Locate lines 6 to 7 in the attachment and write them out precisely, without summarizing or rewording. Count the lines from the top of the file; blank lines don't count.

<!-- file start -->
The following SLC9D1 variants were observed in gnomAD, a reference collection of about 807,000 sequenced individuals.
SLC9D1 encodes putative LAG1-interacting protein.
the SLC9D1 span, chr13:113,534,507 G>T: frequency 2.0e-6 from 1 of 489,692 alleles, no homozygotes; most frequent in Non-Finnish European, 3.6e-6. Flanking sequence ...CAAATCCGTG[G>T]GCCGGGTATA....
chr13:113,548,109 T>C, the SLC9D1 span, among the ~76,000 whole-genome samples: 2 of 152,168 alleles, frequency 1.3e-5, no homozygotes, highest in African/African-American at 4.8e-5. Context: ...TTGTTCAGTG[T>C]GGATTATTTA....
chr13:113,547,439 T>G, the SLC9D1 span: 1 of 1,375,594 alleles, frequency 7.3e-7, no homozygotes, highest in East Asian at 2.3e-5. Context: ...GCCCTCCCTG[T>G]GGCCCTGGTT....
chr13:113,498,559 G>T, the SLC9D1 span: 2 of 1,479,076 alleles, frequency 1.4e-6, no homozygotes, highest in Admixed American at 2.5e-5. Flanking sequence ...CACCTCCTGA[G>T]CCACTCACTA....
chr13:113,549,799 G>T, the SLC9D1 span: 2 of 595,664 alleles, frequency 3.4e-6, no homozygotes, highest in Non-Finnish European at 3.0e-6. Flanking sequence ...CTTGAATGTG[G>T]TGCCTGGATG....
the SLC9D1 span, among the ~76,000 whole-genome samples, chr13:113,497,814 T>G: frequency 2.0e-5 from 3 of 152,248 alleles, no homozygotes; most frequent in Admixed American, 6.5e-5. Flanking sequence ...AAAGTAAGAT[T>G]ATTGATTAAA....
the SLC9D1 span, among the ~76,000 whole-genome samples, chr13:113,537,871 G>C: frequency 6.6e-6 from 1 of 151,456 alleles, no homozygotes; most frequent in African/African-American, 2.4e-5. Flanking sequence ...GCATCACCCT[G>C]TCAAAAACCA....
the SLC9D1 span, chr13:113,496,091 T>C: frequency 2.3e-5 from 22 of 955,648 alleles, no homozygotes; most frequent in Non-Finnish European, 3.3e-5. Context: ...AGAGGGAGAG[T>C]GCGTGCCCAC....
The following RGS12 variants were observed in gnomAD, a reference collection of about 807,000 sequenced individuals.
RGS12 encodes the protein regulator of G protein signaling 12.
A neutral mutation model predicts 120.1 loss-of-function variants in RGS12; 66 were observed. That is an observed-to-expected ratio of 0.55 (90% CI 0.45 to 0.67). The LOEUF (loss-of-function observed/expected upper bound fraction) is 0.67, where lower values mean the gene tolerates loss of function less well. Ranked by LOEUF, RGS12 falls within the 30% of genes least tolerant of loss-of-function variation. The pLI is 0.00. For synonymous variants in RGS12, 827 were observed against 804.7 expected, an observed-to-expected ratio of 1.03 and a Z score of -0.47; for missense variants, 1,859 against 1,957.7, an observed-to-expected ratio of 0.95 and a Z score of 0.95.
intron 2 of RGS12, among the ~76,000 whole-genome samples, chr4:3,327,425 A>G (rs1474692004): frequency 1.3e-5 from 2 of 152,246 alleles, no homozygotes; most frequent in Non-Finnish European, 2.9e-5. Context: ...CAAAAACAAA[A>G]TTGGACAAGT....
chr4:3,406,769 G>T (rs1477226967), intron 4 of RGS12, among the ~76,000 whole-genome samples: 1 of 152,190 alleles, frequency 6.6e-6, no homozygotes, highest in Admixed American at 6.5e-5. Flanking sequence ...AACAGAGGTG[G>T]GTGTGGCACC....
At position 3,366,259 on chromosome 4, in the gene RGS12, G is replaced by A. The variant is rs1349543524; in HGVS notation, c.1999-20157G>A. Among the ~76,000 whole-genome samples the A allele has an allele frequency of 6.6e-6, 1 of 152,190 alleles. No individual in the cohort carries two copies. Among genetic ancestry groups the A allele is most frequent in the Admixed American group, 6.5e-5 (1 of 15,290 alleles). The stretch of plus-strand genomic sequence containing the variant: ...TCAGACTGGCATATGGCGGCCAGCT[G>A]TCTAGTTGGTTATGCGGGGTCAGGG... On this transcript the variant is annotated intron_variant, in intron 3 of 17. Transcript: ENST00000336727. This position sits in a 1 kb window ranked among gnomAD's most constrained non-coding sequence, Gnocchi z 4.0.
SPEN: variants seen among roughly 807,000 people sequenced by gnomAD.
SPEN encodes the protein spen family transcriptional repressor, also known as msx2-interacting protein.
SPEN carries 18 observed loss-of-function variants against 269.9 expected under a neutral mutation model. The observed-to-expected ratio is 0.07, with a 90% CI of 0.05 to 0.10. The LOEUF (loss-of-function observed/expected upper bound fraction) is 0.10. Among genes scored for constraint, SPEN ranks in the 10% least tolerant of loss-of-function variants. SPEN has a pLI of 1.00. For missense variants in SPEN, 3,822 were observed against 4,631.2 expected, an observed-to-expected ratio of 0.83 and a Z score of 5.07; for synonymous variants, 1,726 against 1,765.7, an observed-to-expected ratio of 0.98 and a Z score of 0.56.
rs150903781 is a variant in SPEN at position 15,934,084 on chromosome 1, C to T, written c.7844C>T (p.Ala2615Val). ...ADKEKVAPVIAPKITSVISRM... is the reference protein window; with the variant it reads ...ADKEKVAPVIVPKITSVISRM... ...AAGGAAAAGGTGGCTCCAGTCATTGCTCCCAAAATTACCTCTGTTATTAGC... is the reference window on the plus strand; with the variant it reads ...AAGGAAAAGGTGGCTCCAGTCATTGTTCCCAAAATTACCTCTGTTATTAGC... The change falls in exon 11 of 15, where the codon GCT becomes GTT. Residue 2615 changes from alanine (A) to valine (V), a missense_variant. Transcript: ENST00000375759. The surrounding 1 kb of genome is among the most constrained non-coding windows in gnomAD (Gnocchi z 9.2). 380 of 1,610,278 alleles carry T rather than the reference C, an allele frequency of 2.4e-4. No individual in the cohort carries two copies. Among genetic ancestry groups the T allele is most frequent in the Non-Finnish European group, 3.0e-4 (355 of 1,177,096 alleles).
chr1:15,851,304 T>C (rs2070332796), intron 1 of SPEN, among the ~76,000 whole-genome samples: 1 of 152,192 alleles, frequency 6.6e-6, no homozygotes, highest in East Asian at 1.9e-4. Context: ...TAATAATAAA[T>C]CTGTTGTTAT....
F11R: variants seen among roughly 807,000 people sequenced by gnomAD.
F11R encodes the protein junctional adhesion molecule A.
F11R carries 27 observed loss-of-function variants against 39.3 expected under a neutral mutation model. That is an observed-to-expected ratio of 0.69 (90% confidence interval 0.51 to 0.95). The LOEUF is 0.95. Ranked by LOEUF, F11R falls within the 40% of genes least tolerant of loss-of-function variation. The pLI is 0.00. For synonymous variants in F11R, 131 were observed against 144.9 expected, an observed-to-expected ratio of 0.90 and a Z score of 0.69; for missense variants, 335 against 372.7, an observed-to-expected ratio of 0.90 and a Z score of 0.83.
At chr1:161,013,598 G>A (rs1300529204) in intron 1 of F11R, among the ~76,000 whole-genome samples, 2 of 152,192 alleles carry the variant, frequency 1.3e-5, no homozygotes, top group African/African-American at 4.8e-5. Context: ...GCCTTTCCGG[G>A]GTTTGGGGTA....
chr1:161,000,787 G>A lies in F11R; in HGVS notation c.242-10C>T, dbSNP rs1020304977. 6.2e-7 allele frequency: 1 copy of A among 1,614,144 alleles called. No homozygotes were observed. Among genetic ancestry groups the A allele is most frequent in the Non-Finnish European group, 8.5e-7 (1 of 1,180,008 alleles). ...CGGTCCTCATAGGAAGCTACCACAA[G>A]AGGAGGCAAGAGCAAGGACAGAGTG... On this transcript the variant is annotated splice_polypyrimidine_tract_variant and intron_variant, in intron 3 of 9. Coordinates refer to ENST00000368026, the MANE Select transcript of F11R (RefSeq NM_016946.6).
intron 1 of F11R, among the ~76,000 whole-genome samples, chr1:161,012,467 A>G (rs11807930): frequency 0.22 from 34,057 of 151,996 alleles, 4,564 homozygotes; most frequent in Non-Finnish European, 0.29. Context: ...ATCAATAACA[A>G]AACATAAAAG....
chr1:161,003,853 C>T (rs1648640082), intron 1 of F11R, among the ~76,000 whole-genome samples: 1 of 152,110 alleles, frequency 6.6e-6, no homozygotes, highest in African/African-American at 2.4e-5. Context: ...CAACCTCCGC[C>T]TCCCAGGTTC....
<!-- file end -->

chr13:113,498,559 G>T, the SLC9D1 span: 2 of 1,479,076 alleles, frequency 1.4e-6, no homozygotes, highest in Admixed American at 2.5e-5. Flanking sequence ...CACCTCCTGA[G>T]CCACTCACTA....
chr13:113,549,799 G>T, the SLC9D1 span: 2 of 595,664 alleles, frequency 3.4e-6, no homozygotes, highest in Non-Finnish European at 3.0e-6. Flanking sequence ...CTTGAATGTG[G>T]TGCCTGGATG....